23 September 2009, by
It was President Barack Obama’s maiden speech, one intended to seek a new era of global cooperation, but it was not without controversy.
Obama shrugged off the go-it-alone brand of diplomacy espoused by former President George W. Bush and called on world nations to join him in solving global crises. But his harsh demands on Israel touched off a furor.
"We continue to emphasize that America does not accept the legitimacy of continued Israel settlements," Obama said.
Jewish leaders moved quickly to condemn the president for again making the issue of the so-called natural growth of existing settlements in the West Bank and East Jerusalem as the key roadblocks to peace in the troubled region.
"To make absolute statements, particularly when in the past Israel has sort of done everything the Palestinians asked and they still won’t give her peace is to me a counter productive policy," Sen. Charles Schumer said.
It was clearly the president’s intent was to show the world a new America.
"Those who used to chastise America for acting alone in the world cannot now stand by and wait for America to solve the world’s problems alone. Now is the time for all of us to take our share of responsibility," Obama said.
Just Tuesday, Obama orchestrated a symbolic handshake between Israeli Prime Minister Benjamin Netanyahu and Palestinian President Mahmoud Abbas, in the hopes of restarting negotiations.
CBS News Foreign Affairs Analyst Pamela Falk said the President’s statement clearly shows his push for peace talks has gained no traction.
"What he got from the Prime Minister of Israel and the President of the Palestinian Authority was not a lot of movement. And so he was clearly frustrated, and what he did as a result in his speech was say, ’Here’s where Israel is wrong, here’s where the Palestinians are wrong,’" Falk said.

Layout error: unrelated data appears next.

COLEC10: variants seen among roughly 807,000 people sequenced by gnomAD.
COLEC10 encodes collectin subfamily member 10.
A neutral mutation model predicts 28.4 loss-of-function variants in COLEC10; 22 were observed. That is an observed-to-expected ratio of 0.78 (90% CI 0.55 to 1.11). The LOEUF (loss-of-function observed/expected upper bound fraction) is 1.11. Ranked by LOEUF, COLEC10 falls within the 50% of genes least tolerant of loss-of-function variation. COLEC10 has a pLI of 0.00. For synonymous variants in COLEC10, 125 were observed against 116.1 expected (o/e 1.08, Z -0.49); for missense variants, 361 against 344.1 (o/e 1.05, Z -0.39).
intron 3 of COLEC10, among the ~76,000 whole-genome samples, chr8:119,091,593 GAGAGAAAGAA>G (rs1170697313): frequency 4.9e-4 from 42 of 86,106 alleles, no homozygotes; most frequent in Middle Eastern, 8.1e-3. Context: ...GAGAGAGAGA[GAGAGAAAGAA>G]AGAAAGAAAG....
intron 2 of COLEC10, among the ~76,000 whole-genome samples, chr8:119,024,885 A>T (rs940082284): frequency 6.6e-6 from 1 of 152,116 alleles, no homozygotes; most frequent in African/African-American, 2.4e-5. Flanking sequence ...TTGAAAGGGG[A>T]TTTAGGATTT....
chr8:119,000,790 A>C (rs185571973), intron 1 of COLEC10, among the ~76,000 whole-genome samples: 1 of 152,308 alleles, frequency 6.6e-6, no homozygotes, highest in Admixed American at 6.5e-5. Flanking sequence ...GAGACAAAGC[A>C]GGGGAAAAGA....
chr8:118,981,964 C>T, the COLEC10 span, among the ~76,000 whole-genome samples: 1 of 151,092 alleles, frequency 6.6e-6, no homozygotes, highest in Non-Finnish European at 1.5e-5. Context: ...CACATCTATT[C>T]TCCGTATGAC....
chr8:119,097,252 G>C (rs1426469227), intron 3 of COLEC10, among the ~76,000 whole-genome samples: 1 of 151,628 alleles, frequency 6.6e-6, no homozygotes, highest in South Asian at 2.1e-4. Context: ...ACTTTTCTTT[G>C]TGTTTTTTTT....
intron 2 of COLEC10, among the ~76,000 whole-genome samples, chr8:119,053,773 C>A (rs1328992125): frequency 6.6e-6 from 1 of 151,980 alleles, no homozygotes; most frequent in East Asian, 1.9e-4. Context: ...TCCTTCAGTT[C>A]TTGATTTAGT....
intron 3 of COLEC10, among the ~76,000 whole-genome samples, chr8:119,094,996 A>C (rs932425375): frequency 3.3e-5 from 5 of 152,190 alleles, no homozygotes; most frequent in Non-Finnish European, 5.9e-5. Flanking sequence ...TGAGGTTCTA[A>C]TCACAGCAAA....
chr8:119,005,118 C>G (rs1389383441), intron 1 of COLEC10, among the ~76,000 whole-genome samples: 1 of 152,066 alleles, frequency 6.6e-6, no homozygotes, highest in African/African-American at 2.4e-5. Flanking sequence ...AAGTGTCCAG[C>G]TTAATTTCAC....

"I am not naïve. I know this will be difficult, but all of us, not just the Israelis and the Palestinians, but all of us, must decide whether we are serious about peace or whether we will only lend it lip service," Obama said.
But Israel wasn’t Obama’s only target today.
The President scolded unnamed world leaders for caring more about their own power than their own people, but his speech also contained numerous barbs directed at his predecessor.
"I took office at a time when many around the world had come to view America with skepticism and distrust," he said. "Part of this was due to opposition to specific policies, and a belief that on certain critical issues, America has acted unilaterally, without regard for the interests of others."
The president said those policies of the past are over.
The Israelis and Palestinians announced Wednesday their envoys would meet with U.S. officials, but not with each other, meaning substantive peace negotiations are not yet resuming.
The Palestinians refuse to restart talks until Israel freezes settlement construction, and Israel said those settlements are "bedroom suburbs" of Tel Aviv and Jerusalem.